The Bluetooth Special Interest Group (SIG) is looking to add mesh networking capabilities to the Bluetooth Smart wireless technology, making it easier for devices to network together as part of the Internet of Things (IoT).
The Bluetooth SIG, which oversees the development and licensing of Bluetooth standards, has announced the formation of a Bluetooth Smart Mesh Working Group to thrash out official standards for mesh networks using the technology.
The Smart Mesh Working Group expects to have the specifications ready for testing later this year, and the Bluetooth SIG said that it will seek to officially adopt profiles for devices by 2016.
Bluetooth Smart, otherwise known as Bluetooth Low Energy, is an optional low-power wireless interface added to the Bluetooth 4.0 specifications in 2010. It is aimed at small, battery-powered devices such as sensors, making it an ideal candidate for applications around the IoT.
Mesh networks allow devices to pass messages from node to node, rather than every node communicating directly with each other or a central controller. It means that networks can include devices that might be out of the wireless communications range of nodes at the other end of the network.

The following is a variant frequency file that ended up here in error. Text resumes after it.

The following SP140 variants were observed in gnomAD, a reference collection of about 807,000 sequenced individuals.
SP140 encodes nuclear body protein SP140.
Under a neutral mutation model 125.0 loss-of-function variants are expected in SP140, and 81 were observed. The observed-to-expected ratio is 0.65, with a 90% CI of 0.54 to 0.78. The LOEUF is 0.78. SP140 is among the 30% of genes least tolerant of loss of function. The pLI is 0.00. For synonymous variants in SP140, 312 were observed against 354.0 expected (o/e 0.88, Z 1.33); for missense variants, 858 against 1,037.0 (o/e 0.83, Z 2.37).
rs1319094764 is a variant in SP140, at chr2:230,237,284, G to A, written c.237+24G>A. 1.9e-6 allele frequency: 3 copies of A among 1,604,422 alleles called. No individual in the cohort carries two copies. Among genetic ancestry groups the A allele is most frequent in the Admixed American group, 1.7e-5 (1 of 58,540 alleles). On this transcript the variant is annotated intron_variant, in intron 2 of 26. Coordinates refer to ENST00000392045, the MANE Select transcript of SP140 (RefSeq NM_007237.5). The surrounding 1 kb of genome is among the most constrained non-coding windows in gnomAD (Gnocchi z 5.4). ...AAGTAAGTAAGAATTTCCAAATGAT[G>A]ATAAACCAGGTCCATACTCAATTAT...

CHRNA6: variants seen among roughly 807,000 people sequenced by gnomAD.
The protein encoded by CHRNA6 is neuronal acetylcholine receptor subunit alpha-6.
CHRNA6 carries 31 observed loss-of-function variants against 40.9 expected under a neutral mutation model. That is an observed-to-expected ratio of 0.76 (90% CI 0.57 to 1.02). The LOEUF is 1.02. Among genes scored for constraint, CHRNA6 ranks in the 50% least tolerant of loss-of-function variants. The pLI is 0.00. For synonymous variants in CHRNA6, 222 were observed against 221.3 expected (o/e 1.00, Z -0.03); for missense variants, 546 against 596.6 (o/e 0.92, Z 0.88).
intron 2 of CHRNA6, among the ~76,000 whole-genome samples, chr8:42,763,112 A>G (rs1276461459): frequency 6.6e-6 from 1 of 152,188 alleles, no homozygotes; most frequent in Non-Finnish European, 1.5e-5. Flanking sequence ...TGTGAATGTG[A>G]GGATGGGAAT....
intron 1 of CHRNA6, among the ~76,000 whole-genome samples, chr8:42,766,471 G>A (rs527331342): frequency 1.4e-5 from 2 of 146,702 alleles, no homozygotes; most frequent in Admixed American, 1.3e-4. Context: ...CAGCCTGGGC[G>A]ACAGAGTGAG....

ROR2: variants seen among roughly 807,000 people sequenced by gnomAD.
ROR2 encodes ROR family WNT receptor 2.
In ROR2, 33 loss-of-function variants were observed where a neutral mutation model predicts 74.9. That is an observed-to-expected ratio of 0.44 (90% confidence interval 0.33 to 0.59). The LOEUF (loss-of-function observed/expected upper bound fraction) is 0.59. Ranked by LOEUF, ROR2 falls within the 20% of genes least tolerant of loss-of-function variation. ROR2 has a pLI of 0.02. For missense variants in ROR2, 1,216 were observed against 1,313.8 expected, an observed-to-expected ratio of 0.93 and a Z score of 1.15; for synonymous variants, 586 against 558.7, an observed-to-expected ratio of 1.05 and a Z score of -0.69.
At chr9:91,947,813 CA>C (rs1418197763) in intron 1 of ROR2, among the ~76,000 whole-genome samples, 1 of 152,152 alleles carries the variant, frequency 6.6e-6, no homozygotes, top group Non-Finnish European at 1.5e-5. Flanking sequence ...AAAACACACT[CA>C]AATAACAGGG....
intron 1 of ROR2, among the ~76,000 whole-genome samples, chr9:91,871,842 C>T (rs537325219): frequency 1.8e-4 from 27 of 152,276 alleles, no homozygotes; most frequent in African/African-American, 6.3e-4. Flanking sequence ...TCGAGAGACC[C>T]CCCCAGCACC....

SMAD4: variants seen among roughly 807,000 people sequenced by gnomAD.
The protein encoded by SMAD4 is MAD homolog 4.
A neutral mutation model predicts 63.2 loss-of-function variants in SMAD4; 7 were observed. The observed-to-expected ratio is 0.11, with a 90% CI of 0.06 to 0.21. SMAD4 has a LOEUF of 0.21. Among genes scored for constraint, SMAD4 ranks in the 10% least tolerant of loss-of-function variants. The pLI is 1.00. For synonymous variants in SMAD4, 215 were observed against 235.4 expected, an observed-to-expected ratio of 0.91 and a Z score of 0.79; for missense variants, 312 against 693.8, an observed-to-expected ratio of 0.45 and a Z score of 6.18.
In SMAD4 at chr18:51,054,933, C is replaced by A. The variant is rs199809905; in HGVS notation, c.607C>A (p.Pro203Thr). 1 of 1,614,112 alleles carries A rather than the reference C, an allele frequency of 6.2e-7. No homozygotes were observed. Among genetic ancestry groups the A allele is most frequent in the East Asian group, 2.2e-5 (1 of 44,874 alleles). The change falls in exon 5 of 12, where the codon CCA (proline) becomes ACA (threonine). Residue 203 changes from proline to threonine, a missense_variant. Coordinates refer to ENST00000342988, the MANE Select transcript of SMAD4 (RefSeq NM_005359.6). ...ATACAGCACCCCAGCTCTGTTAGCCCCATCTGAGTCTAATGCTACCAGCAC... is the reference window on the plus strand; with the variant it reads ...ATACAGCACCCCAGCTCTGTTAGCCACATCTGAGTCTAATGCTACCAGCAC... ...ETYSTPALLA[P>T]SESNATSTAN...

Mesh networking is set to become a key technology as Bluetooth Smart sensors proliferate in the home, according to the Bluetooth SIG.
It can ensure that Bluetooth-enabled smart locks, lights, heating, ventilation, and air conditioning systems, and even appliances, work together to deliver a seamless smart home experience.
"The Bluetooth SIG is very good at standardising its technology and creating platforms that ensure product interoperability, while allowing members the flexibility to innovate," said Mark Powell, executive director of the Bluetooth SIG.
Mesh networking is not just for the home, of course, and the Bluetooth SIG sees it as being applicable in every market segment served by Bluetooth Smart.
"The value proposition for Bluetooth technology in the IoT is unmatched. It consumes the least amount of power, and it's the lowest cost and the most widely available wireless solution enabling the IoT today," Powell said.
Earlier this week IBM and Arm announced a partnership to boost the growth of the IoT with a 'starter kit' based on technologies from the firms.
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